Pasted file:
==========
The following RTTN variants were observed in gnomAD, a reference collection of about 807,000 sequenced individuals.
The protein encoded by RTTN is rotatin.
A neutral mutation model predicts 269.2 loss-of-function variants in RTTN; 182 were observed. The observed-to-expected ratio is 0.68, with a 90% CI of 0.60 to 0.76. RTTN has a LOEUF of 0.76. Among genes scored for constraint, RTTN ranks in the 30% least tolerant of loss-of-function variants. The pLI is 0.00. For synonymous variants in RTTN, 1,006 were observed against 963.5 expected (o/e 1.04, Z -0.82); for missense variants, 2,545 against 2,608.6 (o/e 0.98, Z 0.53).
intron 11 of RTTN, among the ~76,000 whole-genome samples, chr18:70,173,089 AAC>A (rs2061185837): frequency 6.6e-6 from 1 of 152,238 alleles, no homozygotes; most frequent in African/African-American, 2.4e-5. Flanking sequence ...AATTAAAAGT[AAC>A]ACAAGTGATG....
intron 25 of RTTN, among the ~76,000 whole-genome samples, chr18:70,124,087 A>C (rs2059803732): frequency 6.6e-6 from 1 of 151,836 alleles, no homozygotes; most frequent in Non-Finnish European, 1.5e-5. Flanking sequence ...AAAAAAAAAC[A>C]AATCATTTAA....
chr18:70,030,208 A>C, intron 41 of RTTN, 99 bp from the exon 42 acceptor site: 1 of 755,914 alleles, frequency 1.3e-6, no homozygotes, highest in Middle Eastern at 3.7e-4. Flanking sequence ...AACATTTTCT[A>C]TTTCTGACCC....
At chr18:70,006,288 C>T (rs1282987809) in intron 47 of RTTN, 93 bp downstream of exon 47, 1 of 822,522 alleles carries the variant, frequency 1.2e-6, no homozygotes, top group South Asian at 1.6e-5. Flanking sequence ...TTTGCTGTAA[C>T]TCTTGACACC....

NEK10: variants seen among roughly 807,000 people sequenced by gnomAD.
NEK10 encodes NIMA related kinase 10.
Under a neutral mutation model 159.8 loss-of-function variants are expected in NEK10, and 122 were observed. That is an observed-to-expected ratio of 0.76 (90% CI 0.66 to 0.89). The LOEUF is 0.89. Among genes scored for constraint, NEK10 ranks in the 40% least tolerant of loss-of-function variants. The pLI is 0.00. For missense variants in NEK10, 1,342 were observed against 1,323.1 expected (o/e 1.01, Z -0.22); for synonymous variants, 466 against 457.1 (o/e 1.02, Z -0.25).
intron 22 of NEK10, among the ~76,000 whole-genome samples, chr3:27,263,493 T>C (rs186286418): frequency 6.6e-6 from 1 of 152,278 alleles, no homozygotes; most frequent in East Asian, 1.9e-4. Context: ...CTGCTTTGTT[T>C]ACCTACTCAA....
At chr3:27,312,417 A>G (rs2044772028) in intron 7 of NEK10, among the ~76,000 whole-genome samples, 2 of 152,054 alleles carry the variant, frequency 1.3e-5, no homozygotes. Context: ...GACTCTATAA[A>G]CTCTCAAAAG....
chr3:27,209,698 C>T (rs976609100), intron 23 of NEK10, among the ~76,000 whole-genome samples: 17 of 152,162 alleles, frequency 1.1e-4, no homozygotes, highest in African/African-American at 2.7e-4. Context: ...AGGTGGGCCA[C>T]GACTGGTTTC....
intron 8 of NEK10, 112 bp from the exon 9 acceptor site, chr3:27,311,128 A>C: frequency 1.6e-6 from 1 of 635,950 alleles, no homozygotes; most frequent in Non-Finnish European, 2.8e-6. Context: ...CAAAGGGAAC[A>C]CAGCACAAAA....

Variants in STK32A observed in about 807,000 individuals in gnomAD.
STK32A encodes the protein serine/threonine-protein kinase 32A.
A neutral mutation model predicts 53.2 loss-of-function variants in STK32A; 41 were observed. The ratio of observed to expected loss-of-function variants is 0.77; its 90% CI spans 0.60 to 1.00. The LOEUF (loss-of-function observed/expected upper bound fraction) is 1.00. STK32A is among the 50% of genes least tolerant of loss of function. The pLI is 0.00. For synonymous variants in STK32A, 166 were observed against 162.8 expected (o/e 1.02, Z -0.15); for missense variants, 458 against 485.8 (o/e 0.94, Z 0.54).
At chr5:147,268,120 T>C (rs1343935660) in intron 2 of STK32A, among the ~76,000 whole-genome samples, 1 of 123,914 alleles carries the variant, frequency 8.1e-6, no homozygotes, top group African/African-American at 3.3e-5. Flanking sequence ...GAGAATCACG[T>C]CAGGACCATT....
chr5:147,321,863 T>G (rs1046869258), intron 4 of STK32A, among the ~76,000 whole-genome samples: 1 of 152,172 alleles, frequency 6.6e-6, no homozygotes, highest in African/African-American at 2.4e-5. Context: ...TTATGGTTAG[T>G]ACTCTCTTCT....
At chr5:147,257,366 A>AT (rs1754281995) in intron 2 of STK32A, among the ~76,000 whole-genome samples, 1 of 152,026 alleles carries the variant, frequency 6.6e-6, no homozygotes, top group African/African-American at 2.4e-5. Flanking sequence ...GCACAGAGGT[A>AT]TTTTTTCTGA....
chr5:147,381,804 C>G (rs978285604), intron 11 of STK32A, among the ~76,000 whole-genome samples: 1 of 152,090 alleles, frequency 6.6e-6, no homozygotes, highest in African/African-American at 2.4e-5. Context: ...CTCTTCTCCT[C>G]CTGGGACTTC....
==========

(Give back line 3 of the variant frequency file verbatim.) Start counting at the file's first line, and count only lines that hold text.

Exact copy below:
A neutral mutation model predicts 269.2 loss-of-function variants in RTTN; 182 were observed. The observed-to-expected ratio is 0.68, with a 90% CI of 0.60 to 0.76. RTTN has a LOEUF of 0.76. Among genes scored for constraint, RTTN ranks in the 30% least tolerant of loss-of-function variants. The pLI is 0.00. For synonymous variants in RTTN, 1,006 were observed against 963.5 expected (o/e 1.04, Z -0.82); for missense variants, 2,545 against 2,608.6 (o/e 0.98, Z 0.53).